Through the years with MTI: 2003
An interview with SY Phang
How did you become involved in communications? Why is it important to you?
Mass Communication was my major in university. Since my graduation, I have been involved in print media, specializing in company newsletters, corporate publications and marketing communication materials. I didn’t get to do broadcasting, which was my first love, so I stuck to print until social media came along.
You attended the Design for Magazines conference in 2003. Take me back to that conference 16 years ago. How did you hear about the training and why did you attend?
I heard about the conference from another Christian. I love meeting Christians in the communication industry, especially those coming from different countries and cultures.
The conference held in Malaysia the second training event MTI conducted in Asia. Was it important to you that the training was available close to home?
Yes, it was important to me as I was looking for such seminars in Malaysia. It was only because I found such seminars useful that I was willing to spend money traveling outside Malaysia to attend more MTI courses in Slovakia, Los Angeles and India.
How did the conference/training impact you personally?
The women’s magazine conference in Slovakia in 2005 had the greatest impact on me. It was exciting to meet women from different countries and to find that we shared common concerns about raising our families and our contributions to our communities.
What touched me most was the Eastern European Christians’ commitment to publishing despite financial constraints. That was both an encouragement and rebuke to me. I was humbled that women from Eastern European countries were full of faith in publishing, even though they were so limited financially. It was a rebuke to me that given the resources in Malaysia, I dared not venture into publishing on my own.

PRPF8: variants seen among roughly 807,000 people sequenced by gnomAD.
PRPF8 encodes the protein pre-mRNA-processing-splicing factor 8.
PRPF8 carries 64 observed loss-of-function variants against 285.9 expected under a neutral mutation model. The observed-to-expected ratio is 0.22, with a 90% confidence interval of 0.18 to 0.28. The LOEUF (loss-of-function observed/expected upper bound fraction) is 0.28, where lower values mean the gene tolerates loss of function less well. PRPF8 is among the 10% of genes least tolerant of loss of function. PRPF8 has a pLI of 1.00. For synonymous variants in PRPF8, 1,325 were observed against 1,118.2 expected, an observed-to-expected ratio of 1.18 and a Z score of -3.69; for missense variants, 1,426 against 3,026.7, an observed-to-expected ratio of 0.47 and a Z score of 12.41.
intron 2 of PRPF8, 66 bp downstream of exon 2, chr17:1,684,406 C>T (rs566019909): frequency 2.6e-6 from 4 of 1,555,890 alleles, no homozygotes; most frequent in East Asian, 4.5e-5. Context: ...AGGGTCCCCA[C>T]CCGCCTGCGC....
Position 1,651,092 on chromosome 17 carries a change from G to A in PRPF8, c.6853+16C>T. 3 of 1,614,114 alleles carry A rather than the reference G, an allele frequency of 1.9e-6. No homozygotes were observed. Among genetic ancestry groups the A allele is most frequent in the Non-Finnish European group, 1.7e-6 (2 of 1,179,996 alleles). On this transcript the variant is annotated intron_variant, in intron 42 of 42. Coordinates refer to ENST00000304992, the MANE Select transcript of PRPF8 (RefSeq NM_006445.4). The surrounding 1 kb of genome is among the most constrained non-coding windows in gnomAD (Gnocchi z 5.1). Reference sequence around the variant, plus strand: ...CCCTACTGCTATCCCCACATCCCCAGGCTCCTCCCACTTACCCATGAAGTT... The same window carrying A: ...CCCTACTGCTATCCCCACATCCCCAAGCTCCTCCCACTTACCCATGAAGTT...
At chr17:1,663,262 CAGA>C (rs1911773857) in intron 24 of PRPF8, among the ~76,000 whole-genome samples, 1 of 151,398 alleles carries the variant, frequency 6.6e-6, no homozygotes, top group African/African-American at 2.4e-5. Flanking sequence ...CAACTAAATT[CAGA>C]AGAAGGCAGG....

Did meeting with the Eastern Europeans inspire you to dive deeper into publishing?
Publishing has always been my passion. But I am a coward when publishing on my own, as I know how expensive it can be. However, I helped revamp Asian Beacon which involved changing the editorial direction, design, and marketing strategy of the magazine.
After the redesign process, I left Asian Beacon to attend to my business. My calling is to the marketplace, where I can incorporate kingdom values in the publications I handle. Since then, I have helped clients and friends publish several books.
Is there a need for more magazine publishing training in Malaysia? What do you see as the next step for Malaysian Christian publishers?
Definitely, there is a need for magazine publishing training. There is a lot of duplication and waste of resources in the Christian community in Malaysia. I wish they could all sit together, outline their target audience, and be more strategic in their publication ministry—as well as online social media ministry.
SY Phang is embarking on a new direction in her freelance business after three decades in the print media. She is working with corporate and community partners to create an eco-system in which mums (and dads) on career breaks can be empowered to work part-time and flexible hours. She encourages freelancers to collaborate in teams for co-working and co-childcaring purposes.